Baseball Hall of Fame: A way-too-early look at the crowded Class of 2025 ballot and beyond

The 2024 Hall of Fame voting cycle is over, and three new former players (plus manager Jim Leyland, who was elected by the veterans committee late last year) will be inducted into the National Baseball Hall of Fame this summer.

This cycle might've ended less than 24 hours ago, but it's never too early to peer into the future and see what awaits. With 12 players moving off the ballot in 2025 (three due to election, one due to ballot limits and eight due to low support), let's take a look at the next few years of eligible players and who could get their call to the Hall.

2025 ballot

Eligible first-year candidates:

Ichiro Suzuki is a lock for the Hall of Fame when he appears on the ballot in 2025. (Photo by Steph Chambers/Getty Images)
Ichiro Suzuki is a lock for the Hall of Fame when he appears on the ballot in 2025. (Photo by Steph Chambers/Getty Images) (Steph Chambers via Getty Images)

Final year on the ballot:

  • Billy Wagner

Next year's class is massive. The Baseball Hall of Fame website lists 22 eligible candidates for the Class of 2025, nearly double the number of first-year candidates on this year's ballot. That's due to the COVID season in 2020, which pushed many older players into retirement for one reason or another. If 22 is how many actually make it onto the 2025 ballot, voters will have to make their choices carefully, as numerous candidates would be in danger of falling below the key 5% threshold and being eliminated from the ballot.

Sabathia and Suzuki shouldn't have to worry about that, though. Suzuki is all but guaranteed to be a first-ballot Hall of Famer and possibly the second unanimous selection in baseball history. Sabathia will also garner plenty of votes and could get in on his first ballot.

As for candidates already on the ballot, it's Wagner's last year of eligibility. But considering that he was just five votes short in 2024, he has a good chance of getting over the line in 2025. Andruw Jones (61.6% in 2024) will also have the opportunity to build strong support as he approaches his 10-year limit.

2026 ballot

Eligible first-year candidates:

Final year on the ballot:

  • Manny Ramirez

There will be just 13 new candidates in 2026, which will be a relief after the absolute flood that was 2025. But unlike 2025, there aren't any obvious Hall of Famers in this group. Braun's a fascinating candidate, but his more-than-casual flirtation with PEDs and comparatively short career (15 years, three years shorter than the average) make him unlikely to earn induction. Hamels has a stronger case than you might think, even with just one top-five Cy Young finish in a 15-year career, but he might be a Hall of Very Good player more so than a Hall of Fame player.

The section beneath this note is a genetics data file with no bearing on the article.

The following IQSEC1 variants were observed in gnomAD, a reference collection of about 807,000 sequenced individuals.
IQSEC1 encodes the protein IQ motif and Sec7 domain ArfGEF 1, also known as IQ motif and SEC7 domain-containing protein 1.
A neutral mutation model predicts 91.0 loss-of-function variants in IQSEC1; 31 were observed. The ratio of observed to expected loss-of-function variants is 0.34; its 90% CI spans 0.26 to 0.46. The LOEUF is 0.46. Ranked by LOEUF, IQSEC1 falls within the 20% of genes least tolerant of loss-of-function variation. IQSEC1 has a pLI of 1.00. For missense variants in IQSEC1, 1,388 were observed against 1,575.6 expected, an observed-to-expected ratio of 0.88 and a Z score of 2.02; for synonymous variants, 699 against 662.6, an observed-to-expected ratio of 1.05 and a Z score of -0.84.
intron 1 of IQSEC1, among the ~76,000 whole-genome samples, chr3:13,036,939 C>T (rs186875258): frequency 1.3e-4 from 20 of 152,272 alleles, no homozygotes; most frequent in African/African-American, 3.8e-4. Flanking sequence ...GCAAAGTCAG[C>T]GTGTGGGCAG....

A ballot with a weak first-year class is good for existing candidates. With the decks cleared of obvious Hall of Famers, players such as Carlos Beltran and Andruw Jones (if he isn't already in) can build support. Looking ahead, they'll have a few years to do so.

2027 ballot

Eligible first-year candidates:

Final year on the ballot:

  • Andruw Jones

Buster Posey might want to send a bouquet of flowers to Joe Mauer after this Hall of Fame cycle. Mauer set a new induction standard for catchers with short careers and high, intense peaks. Posey, like Mauer, is an MVP-winner, and despite just a 12-year career, he won three World Series rings. He also caught three no-hitters and won Rookie of the Year. It'll be interesting to see how the voters handle Posey.

2028 ballot

Eligible first-year candidates:

Final year on the ballot:

  • Andy Pettitte

Pujols as a first-ballot Hall of Famer is pretty much a sure thing, but Molina should be a more interesting case. Unlike fellow catchers Mauer and Posey, he wasn't a heavy hitter. He had a few high-average/high-OBP years but was largely league-average or below, and he hit more than 20 homers in a season just once in his 19-year career. That said, the voters love a defensive catcher, and Molina was a very good one. He won nine Gold Gloves, including eight straight from 2008 to 2015. That could be enough for him to overcome questions about his hitting.

2029 ballot

First-year candidates known so far:

The cupboard is a little bare five years into the future. The 2024 season hasn't started yet, so unless a player has officially retired, we don't quite know who played their final game in 2023 and therefore is eligible for the 2029 ballot.

But of the four who officially ended their careers in 2023, Cabrera is by far the standout. He's a no-doubt first-ballot Hall of Famer. Just like Hall of Famers Mariano Rivera and Chipper Jones did when they retired, Cabrera essentially went on a yearlong retirement tour during which many teams held pregame ceremonies and gave him special gifts. That's not the reason he's going to be a Hall of Famer, of course, but average players don't get farewell tours.